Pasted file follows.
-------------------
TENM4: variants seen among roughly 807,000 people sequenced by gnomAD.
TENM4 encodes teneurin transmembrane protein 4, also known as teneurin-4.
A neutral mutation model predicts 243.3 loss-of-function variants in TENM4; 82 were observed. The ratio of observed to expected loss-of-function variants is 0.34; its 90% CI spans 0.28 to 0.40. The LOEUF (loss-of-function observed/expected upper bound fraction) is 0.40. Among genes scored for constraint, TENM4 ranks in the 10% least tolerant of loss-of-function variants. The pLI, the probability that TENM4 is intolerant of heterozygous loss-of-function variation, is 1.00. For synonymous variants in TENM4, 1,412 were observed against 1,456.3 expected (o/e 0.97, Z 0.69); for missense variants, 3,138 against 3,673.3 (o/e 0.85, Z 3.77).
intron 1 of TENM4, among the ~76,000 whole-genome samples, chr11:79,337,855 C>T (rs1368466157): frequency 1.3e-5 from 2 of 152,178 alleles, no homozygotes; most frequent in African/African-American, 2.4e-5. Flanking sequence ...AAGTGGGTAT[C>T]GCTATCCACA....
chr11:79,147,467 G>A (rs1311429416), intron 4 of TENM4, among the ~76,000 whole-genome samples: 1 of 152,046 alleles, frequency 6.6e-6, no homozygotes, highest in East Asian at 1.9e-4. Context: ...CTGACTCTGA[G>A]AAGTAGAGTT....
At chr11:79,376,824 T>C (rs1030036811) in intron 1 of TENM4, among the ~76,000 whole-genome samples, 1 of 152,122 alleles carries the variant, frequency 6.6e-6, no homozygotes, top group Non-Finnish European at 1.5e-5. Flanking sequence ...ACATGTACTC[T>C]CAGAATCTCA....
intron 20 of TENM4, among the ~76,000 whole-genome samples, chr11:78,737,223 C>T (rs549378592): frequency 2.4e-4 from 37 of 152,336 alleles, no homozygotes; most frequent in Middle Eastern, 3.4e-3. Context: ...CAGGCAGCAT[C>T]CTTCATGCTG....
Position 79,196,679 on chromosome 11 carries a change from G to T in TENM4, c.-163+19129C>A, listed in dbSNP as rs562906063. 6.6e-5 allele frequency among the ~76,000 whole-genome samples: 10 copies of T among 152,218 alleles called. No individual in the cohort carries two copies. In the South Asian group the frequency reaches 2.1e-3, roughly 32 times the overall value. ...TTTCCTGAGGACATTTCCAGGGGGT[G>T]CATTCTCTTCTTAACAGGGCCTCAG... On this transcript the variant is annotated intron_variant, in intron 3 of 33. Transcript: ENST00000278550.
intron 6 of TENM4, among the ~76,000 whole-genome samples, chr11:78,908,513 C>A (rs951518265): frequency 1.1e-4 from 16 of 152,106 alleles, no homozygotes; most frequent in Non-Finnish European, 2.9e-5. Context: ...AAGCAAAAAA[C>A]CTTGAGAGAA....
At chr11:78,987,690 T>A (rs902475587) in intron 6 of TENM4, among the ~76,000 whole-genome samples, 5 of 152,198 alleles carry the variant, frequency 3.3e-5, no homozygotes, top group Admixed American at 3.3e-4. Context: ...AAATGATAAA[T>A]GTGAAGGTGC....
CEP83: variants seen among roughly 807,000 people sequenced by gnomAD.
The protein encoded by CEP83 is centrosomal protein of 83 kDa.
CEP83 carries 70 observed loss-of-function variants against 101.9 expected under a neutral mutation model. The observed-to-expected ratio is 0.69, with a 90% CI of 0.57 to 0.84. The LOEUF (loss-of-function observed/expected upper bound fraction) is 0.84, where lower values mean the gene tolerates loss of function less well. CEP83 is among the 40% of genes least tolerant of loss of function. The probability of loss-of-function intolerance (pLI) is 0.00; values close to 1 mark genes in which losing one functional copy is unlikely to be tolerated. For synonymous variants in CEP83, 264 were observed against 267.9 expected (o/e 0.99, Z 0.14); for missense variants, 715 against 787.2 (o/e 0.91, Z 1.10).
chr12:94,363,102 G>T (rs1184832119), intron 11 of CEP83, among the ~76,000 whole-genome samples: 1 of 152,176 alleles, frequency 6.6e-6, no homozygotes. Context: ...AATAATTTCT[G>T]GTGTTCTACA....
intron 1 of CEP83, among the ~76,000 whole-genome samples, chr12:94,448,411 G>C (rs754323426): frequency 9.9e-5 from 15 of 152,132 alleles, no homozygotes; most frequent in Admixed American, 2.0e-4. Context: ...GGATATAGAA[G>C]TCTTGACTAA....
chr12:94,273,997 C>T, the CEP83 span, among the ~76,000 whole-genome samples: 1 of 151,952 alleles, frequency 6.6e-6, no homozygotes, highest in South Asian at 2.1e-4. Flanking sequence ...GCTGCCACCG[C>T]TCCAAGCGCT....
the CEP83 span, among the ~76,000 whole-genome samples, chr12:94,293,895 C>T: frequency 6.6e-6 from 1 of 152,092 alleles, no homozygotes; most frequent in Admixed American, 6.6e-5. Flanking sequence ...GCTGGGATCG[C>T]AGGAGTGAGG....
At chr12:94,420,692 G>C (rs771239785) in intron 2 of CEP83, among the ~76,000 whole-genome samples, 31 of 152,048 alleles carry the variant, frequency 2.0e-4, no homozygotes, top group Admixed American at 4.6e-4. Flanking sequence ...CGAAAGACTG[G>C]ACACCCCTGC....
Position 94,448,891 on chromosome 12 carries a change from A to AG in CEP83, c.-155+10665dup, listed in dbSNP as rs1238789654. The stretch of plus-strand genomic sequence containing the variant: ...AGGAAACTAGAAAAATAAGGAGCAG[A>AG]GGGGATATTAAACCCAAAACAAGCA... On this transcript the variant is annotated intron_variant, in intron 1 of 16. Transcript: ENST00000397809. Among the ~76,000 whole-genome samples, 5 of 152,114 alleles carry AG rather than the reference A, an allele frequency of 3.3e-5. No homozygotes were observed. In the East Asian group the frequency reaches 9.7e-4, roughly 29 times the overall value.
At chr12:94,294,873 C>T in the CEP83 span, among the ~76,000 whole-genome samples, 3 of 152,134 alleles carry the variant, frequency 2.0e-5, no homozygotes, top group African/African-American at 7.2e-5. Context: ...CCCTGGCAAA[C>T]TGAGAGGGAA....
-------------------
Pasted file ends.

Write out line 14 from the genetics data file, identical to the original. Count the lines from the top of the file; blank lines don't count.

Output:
chr12:94,363,102 G>T (rs1184832119), intron 11 of CEP83, among the ~76,000 whole-genome samples: 1 of 152,176 alleles, frequency 6.6e-6, no homozygotes. Context: ...AATAATTTCT[G>T]GTGTTCTACA....